Union organizing is picking up, with more diverse populations becoming members of the building trades. Even in So-Called “Right to Work” states, unions are finding some organizing success.
United Brotherhood of Carpenters Local 74 Business Representative Rodney Graham discussed his Local’s organizing progress on the America’s Work Force Union Podcast. He also discussed immigration reform and other issues.
Carpenters Local 74
Graham provided a background on the history of Carpenters Local 74. He said the membership is at 700 strong and growing. During the pandemic, the Local managed to organize more than 100 new members. This diverse Local continues to expand as work opportunities are plentiful.
The Local 74 registered apprenticeship program also shares a diverse makeup. Roughly 25 percent of the 84 apprentices are women. This is far ahead of the national percentage of women in the carpentry trade.
Work in their Chattanooga, Tenn. jurisdiction did not skip a beat during the pandemic. The area is packed with work at local nuclear plants and a variety of new construction projects. However, supply chain issues are becoming a problem on certain jobs.
Operating in a So-Called “Right to Work” state
For decades, Tennessee has been a So-Called “Right to Work” state. However, union members throughout Tennessee are not afraid to stand together. Graham said members of Local 74 stood with auto workers as they fought for representation. Ultimately, the effort came up short, but the solidarity remained.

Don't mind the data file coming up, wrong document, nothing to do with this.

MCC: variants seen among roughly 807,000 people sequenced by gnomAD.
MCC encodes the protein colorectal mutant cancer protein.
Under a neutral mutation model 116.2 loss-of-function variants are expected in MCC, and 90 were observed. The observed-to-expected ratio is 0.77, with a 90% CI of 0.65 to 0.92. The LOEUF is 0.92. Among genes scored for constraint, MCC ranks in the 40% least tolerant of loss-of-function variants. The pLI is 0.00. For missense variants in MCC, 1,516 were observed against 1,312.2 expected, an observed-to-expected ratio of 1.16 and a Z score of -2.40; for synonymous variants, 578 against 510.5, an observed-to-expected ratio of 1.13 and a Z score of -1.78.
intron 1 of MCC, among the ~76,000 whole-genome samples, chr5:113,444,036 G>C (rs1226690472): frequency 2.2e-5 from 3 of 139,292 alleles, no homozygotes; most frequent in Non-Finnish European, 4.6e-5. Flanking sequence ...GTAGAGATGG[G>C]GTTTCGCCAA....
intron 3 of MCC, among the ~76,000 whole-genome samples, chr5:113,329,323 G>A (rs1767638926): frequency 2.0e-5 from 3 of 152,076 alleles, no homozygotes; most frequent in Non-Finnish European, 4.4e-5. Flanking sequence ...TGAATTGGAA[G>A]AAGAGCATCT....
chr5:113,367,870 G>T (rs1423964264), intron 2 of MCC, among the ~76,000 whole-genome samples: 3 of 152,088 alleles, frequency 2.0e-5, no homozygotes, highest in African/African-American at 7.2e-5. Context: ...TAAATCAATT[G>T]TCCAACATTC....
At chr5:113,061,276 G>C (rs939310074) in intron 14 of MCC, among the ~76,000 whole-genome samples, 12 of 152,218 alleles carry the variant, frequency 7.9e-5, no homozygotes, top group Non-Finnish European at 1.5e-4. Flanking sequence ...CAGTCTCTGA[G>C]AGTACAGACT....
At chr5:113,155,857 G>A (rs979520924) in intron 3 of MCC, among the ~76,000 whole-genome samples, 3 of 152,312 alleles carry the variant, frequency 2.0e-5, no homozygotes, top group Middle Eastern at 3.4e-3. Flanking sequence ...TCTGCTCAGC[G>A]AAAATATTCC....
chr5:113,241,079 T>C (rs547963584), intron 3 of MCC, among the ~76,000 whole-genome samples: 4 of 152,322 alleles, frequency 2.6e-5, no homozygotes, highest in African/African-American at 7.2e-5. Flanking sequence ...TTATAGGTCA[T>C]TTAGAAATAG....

He said most of the politicians in the state do not understand the inner workings of the building trades. Graham explained how one politician had no idea that registered building trades apprenticeship programs do not receive federal funding. From an organized labor perspective, the lack of a union construction industry education is a major problem among elected officials in Tennessee.
Many immigrants work in the construction industry in Tennessee. Graham said non-union contractors, who often compete against building trades signatory contractors, use immigrants as a source of cheap and easily exploited labor.
It is difficult to organize these workers, as many are in the U.S illegally or are fearful of communicating with the union. Graham said it would be great to be able to organize these workers, as work is plentiful and union membership will lead to improved wages and better benefits for their families.